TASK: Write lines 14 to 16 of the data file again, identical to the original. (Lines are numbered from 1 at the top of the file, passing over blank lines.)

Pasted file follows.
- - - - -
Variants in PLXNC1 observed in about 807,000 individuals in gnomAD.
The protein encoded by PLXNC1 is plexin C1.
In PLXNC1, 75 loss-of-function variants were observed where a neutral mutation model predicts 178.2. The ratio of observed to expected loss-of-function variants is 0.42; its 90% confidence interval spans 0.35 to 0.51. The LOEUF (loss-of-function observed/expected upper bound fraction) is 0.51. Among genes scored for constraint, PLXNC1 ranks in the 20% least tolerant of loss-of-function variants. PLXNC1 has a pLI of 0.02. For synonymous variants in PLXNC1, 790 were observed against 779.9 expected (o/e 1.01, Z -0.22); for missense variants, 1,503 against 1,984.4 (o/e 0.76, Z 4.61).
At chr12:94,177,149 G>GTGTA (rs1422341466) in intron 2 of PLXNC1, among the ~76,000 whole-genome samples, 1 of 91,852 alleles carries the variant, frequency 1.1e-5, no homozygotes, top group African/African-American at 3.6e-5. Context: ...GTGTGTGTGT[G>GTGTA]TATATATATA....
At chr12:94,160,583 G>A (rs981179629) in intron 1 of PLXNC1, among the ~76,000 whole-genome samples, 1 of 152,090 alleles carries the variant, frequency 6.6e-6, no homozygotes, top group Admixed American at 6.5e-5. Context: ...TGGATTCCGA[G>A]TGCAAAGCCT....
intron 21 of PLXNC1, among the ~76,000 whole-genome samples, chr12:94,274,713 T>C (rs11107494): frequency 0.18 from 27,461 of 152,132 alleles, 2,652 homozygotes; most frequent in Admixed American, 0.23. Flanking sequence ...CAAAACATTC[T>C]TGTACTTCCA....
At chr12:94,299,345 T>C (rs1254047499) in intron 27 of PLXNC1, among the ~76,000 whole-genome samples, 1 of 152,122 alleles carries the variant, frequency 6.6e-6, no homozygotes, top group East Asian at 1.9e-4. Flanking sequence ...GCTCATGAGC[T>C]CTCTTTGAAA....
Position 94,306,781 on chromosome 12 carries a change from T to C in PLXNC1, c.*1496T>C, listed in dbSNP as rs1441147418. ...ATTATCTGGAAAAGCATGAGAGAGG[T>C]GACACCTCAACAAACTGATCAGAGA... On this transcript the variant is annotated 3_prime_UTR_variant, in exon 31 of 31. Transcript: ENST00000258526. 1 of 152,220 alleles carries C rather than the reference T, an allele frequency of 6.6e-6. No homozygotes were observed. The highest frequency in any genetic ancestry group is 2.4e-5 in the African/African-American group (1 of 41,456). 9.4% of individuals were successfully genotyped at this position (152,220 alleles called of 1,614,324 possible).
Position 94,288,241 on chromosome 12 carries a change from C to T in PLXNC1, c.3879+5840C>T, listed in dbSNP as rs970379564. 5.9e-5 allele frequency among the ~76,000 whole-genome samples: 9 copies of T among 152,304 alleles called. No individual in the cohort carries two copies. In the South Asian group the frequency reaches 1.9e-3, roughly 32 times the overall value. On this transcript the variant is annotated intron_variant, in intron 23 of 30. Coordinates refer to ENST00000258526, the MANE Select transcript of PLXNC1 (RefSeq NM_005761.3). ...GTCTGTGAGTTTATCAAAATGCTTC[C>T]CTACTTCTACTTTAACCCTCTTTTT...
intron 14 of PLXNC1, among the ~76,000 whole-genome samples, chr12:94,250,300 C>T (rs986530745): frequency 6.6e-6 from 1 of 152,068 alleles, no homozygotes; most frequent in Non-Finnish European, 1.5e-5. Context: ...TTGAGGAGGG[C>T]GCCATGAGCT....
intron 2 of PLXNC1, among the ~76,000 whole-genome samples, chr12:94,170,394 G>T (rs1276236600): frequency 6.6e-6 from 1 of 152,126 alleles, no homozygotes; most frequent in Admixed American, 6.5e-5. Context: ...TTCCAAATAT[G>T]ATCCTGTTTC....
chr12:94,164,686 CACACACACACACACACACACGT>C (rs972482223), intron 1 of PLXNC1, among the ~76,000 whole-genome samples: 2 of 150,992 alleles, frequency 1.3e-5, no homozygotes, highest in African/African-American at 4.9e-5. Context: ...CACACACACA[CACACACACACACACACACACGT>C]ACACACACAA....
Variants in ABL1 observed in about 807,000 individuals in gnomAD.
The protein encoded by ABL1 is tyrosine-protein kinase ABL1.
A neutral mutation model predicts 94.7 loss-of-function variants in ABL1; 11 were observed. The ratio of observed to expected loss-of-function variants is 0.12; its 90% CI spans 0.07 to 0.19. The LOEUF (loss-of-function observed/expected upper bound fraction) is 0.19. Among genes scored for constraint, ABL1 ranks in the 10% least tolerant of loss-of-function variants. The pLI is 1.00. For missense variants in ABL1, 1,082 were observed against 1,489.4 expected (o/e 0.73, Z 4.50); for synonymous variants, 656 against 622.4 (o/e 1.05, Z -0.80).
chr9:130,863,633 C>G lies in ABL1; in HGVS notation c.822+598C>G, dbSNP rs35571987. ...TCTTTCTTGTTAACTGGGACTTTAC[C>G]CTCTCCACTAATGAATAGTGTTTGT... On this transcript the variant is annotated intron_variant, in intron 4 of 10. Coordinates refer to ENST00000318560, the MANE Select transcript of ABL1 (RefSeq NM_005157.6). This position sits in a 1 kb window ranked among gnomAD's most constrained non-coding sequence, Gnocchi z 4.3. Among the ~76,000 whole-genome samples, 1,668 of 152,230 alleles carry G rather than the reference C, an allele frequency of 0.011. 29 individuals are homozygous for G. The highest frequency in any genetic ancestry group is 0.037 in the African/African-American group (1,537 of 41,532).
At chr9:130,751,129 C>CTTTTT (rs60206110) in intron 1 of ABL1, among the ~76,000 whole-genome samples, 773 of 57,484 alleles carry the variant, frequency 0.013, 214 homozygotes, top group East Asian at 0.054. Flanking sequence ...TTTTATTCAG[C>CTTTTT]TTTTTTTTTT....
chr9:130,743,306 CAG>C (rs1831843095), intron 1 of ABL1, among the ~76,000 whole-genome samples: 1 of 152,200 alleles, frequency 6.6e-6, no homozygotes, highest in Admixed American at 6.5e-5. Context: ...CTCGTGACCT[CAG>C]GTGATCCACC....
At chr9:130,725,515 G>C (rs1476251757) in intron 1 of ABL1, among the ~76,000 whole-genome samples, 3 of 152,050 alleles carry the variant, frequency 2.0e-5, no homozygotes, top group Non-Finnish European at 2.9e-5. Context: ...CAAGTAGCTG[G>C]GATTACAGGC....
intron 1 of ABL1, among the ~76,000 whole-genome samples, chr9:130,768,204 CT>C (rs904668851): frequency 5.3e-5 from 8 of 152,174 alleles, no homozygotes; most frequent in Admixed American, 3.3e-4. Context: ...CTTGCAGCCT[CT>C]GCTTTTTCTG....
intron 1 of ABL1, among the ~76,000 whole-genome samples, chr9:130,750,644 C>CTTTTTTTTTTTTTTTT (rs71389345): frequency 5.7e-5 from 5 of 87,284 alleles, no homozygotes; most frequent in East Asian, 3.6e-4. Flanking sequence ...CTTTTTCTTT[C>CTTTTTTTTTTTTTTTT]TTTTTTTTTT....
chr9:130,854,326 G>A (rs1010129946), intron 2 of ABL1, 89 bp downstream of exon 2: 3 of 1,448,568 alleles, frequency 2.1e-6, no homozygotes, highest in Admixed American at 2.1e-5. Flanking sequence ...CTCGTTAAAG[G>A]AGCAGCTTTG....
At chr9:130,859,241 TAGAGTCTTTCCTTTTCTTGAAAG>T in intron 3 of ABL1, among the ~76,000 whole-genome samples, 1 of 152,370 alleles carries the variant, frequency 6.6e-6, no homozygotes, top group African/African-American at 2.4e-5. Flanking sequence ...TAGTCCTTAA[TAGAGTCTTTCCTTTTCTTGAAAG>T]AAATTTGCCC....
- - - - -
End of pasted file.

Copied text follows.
The protein encoded by ABL1 is tyrosine-protein kinase ABL1.
A neutral mutation model predicts 94.7 loss-of-function variants in ABL1; 11 were observed. The ratio of observed to expected loss-of-function variants is 0.12; its 90% CI spans 0.07 to 0.19. The LOEUF (loss-of-function observed/expected upper bound fraction) is 0.19. Among genes scored for constraint, ABL1 ranks in the 10% least tolerant of loss-of-function variants. The pLI is 1.00. For missense variants in ABL1, 1,082 were observed against 1,489.4 expected (o/e 0.73, Z 4.50); for synonymous variants, 656 against 622.4 (o/e 1.05, Z -0.80).
chr9:130,863,633 C>G lies in ABL1; in HGVS notation c.822+598C>G, dbSNP rs35571987. ...TCTTTCTTGTTAACTGGGACTTTAC[C>G]CTCTCCACTAATGAATAGTGTTTGT... On this transcript the variant is annotated intron_variant, in intron 4 of 10. Coordinates refer to ENST00000318560, the MANE Select transcript of ABL1 (RefSeq NM_005157.6). This position sits in a 1 kb window ranked among gnomAD's most constrained non-coding sequence, Gnocchi z 4.3. Among the ~76,000 whole-genome samples, 1,668 of 152,230 alleles carry G rather than the reference C, an allele frequency of 0.011. 29 individuals are homozygous for G. The highest frequency in any genetic ancestry group is 0.037 in the African/African-American group (1,537 of 41,532).